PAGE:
1. Lesson Two: Be wary of feeding male friends that are especially hungry. They will be so immediately grateful that they will wrongly conclude that the two of you are destined to be together. It is just the food talking. Hours later he will come to his senses and remember that the two of you actually drive one another crazy. There is nothing more threatening to the delicate balance of a cross-gender friendship than a well-timed, delicious meal. If you do find it necessary to provide nourishment to your male friends, be sure to prepare distinctly feminine dishes such as kale chips, veggie wraps, or gluten-free pizza. Avoid prime-rib at all cost, and proceed with caution.
  1. Lesson Three: If you have two friends that you think would be perfect for one another, sabotage any potential meeting. You are all going the same sporting event? Buy seats on opposite sides of the arena. Interested in seeing the same movie? Go to different theaters. Their union can only bring angst to your life. If introduced there are three probable outcomes: they have no interest in dating, they date, or they break-up. The first out-come is actually the easiest to deal with. Everybody feels awkward for a few days, and that’s that. The second two options have the potential of being far more disastrous. If they hit it off and date, prepare to spend an inordinate amount of time extensively discussing their relationship with each of your friends. There are a few perks when your friends date: everybody you want to spend time with is actually in the same place, you already like your friend’s significant other, and they might feel eternally indebted to you for setting them up. When your friends date, it is the best of times often followed by the worst of times. There is nothing worse than dealing with the aftermath of your friends’ breakup.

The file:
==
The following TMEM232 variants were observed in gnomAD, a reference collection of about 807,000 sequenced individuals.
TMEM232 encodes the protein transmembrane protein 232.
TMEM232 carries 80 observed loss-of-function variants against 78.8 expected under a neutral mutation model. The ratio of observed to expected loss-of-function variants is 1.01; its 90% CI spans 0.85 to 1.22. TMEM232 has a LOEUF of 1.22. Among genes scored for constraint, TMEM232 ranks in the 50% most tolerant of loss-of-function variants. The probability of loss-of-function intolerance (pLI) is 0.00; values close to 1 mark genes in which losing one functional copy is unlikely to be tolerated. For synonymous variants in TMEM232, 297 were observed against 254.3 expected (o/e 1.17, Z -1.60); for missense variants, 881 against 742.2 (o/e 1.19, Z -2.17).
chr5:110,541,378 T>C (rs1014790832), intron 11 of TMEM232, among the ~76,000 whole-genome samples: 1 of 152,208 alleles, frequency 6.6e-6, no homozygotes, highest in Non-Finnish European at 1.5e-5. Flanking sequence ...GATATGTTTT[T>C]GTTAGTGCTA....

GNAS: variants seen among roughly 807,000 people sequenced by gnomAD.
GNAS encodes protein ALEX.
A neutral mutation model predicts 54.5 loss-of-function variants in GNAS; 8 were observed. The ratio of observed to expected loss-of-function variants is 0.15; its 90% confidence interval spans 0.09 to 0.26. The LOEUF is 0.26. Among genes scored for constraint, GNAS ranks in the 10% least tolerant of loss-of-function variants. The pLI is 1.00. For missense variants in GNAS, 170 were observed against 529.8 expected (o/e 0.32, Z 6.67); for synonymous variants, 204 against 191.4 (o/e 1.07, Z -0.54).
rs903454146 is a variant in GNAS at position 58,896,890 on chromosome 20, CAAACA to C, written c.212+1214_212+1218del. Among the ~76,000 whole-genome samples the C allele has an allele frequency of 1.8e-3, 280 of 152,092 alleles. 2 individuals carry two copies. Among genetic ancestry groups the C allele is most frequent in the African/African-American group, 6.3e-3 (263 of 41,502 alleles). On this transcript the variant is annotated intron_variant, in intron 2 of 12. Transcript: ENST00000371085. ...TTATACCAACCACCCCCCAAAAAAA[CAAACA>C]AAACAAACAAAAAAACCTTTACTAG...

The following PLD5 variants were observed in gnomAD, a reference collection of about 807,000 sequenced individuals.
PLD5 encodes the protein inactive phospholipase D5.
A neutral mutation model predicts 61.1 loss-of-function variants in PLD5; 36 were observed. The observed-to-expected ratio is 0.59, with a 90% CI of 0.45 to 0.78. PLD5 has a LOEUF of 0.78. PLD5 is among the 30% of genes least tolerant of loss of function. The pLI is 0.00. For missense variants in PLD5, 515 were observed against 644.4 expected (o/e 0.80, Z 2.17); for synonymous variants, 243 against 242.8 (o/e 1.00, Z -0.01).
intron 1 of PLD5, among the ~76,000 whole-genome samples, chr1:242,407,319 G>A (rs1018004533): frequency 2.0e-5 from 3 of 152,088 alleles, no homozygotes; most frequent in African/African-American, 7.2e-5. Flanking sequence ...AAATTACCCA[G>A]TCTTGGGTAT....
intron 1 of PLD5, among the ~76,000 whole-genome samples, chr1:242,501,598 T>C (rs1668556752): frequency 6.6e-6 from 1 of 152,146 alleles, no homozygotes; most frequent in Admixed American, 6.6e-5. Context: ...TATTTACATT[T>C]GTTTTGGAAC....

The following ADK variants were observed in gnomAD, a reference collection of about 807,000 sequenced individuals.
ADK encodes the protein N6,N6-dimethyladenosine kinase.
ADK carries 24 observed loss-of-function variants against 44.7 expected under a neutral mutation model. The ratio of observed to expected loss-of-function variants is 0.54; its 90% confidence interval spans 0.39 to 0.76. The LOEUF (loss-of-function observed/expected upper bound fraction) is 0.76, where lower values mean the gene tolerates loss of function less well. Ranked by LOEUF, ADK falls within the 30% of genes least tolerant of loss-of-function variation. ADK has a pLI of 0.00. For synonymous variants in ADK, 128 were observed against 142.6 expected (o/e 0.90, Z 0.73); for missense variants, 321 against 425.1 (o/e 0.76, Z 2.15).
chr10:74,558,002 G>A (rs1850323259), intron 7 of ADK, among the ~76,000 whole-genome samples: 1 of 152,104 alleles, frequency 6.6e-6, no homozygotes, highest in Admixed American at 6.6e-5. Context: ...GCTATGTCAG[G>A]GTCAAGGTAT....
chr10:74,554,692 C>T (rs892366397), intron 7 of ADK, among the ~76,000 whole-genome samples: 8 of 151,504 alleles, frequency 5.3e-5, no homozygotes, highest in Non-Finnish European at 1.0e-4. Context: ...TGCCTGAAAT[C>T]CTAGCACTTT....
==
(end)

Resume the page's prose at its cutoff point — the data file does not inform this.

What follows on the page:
1. Lesson Four: Remember the above scenarios when your friends suggest setting you up with their best friend/roommate/brother. It might work out, or it might be awful. Either way, don’t forget how your actions are bound to impact those around you. That being said, doesn’t it make far more sense to date someone highly recommended by a trusted friend?Feel free to hazard a guess on how I ended up going on that one date.   #Doublestandard.
  1. Lesson Five: Don’t forget that not all advice is good advice. Always consider the source. It seems intuitive that your male friends would give the best dating advice, but that isn’t always the case. Having male friends that you are comfortable enough with to ask for dating advice sounds great in theory, but in reality, you will have to deal with male friends who feel the need to give you dating advice. In the past few weeks, I have been told to try harder, to try less hard, to go on dates, to turn down dates, and to up my texting game (whatever that means). As it turns out, the road to singldom is paved with well-intentioned, but often misguided, advice.

To survive single, take the above lessons to heart. Already have these down pat? Don’t worry–there are many more faux pas out there waiting to be made.


That’s All She Wrote.